Somali pirates are natural allies of radical Islam

WASHINGTON, April 13 (UPI) — U.S. Navy warships supported by helicopter gunships tracked four Somali pirates and their American captive in the Horn of Africa throughout the weekend as American negotiators tried to obtain the release of the hostage. Reports from the region indicated that negotiations had broken down, and on Easter Sunday Navy snipers killed three of the pirates and freed the American, Capt. Richard Phillips, master of the U.S.-flagged Maersk Alabama.

Phillips gave himself up to the pirates Wednesday as they climbed aboard his vessel using hooks and ropes and fired their guns in the air as a warning sign that they meant business.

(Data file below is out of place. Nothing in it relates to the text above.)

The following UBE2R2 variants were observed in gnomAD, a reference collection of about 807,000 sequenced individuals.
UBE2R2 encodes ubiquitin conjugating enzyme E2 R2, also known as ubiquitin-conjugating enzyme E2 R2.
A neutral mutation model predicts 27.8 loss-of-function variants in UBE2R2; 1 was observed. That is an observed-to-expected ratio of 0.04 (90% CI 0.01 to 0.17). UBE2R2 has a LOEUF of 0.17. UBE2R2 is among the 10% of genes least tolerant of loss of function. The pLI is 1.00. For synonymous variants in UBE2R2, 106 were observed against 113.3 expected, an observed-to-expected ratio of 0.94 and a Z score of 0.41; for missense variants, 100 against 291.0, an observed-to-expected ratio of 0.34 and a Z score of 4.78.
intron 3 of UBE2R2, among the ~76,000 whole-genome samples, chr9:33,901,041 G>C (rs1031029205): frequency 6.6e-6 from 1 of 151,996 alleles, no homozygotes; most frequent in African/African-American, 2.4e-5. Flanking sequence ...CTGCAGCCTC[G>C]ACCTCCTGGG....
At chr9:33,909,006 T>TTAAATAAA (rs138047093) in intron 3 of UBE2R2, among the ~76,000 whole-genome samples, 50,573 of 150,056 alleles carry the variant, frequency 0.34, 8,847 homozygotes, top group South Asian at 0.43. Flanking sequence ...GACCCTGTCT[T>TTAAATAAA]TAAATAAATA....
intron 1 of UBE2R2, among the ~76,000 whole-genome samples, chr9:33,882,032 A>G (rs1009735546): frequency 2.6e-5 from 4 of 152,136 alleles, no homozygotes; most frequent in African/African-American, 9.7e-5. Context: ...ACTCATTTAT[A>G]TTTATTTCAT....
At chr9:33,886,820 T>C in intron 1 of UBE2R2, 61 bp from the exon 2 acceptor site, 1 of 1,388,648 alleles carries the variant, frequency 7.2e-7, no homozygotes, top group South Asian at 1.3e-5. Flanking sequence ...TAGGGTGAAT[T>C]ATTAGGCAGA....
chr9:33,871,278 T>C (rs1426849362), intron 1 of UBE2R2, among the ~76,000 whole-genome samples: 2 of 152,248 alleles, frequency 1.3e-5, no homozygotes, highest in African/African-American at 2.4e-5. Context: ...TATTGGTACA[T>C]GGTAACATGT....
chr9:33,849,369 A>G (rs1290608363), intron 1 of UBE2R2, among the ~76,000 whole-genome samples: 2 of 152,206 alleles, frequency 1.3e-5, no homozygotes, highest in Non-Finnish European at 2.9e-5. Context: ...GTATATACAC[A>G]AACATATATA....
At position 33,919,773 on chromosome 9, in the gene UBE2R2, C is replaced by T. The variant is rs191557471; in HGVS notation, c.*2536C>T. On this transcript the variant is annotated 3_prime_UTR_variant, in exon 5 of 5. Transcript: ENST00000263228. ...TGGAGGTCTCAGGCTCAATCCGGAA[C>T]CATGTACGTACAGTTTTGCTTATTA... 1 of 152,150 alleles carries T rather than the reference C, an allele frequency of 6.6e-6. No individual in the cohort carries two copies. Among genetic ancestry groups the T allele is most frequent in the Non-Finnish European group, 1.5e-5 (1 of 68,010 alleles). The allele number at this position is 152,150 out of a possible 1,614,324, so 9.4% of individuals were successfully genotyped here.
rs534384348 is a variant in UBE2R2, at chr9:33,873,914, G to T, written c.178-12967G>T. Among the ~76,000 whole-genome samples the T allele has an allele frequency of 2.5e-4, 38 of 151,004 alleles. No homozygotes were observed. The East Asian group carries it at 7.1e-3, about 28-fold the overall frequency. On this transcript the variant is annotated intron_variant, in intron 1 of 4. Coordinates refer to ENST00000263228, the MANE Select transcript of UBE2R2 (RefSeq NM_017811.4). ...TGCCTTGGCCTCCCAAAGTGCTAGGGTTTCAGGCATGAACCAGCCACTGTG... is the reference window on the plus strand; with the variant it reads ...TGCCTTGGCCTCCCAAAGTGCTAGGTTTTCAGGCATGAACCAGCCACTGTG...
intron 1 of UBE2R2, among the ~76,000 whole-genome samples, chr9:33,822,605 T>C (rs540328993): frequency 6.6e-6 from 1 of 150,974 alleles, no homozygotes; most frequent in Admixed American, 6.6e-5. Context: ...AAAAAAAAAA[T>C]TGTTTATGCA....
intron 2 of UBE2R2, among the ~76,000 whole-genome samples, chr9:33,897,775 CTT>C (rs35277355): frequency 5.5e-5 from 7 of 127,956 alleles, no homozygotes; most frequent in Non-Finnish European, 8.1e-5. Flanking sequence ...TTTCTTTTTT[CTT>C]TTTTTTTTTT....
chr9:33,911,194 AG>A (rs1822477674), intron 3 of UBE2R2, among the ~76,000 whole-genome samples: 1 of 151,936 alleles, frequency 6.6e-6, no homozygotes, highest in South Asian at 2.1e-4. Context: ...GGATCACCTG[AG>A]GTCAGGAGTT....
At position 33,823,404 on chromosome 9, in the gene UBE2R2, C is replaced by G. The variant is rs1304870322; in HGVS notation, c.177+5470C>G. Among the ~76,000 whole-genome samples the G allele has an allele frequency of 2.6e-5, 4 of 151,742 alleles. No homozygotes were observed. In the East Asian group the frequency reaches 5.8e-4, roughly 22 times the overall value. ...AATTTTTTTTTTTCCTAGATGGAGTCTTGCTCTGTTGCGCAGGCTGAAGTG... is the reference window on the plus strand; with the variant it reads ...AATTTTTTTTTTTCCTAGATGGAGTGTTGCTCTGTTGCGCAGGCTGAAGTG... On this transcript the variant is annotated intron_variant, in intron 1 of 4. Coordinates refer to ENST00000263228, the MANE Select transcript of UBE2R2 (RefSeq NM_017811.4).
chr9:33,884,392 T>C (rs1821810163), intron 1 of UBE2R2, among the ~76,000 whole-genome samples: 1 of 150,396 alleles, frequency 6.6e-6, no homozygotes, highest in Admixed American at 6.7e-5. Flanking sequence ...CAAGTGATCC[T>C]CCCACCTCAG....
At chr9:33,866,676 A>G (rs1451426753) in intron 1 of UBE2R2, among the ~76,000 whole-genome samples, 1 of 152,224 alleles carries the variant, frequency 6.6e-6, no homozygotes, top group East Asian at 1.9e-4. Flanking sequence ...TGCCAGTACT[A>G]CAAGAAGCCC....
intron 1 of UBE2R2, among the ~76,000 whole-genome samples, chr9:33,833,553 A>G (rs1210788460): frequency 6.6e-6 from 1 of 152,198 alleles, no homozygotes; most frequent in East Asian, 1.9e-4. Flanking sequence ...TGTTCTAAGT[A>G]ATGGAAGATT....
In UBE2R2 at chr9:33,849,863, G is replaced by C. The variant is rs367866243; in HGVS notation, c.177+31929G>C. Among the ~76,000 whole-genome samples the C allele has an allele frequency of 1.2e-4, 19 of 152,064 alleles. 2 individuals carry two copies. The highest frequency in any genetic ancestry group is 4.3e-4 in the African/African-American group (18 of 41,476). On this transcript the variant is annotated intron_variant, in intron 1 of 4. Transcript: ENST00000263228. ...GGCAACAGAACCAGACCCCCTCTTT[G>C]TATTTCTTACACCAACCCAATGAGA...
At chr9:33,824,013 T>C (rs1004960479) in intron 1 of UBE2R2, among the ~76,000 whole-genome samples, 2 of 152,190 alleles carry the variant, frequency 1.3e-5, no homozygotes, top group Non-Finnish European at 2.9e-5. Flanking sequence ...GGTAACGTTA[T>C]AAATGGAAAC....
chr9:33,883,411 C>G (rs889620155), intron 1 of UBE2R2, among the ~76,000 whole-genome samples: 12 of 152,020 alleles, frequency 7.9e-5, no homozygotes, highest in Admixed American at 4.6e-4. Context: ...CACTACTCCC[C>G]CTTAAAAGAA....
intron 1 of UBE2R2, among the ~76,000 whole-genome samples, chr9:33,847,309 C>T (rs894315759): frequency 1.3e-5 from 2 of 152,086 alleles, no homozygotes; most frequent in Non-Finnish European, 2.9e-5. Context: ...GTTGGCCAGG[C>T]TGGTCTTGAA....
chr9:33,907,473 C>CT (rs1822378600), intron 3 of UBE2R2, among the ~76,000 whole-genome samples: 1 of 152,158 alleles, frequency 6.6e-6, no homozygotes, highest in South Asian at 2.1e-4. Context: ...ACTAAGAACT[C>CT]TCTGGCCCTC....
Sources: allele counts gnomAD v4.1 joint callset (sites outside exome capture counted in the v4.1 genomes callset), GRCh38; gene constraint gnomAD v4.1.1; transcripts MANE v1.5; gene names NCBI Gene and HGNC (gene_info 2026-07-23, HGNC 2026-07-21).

Phillips ordered his men to lock themselves in a cabin and allowed the pirates to take him hostage in order to save his crew. U.S. Navy SEALs arrived later on the scene and escorted the rest of the crew, 19 American sailors, to safer waters in Kenya’s port of Mombasa.

The area off Somalia’s coast is one of the world’s busiest waterways and one of the most dangerous to international shipping. This past weekend alone, two other European ships came under attack from pirates.

French naval forces intervened Friday to free a sailboat and liberate hostages captured by Somali pirates, but one of the hostages was killed in the crossfire.


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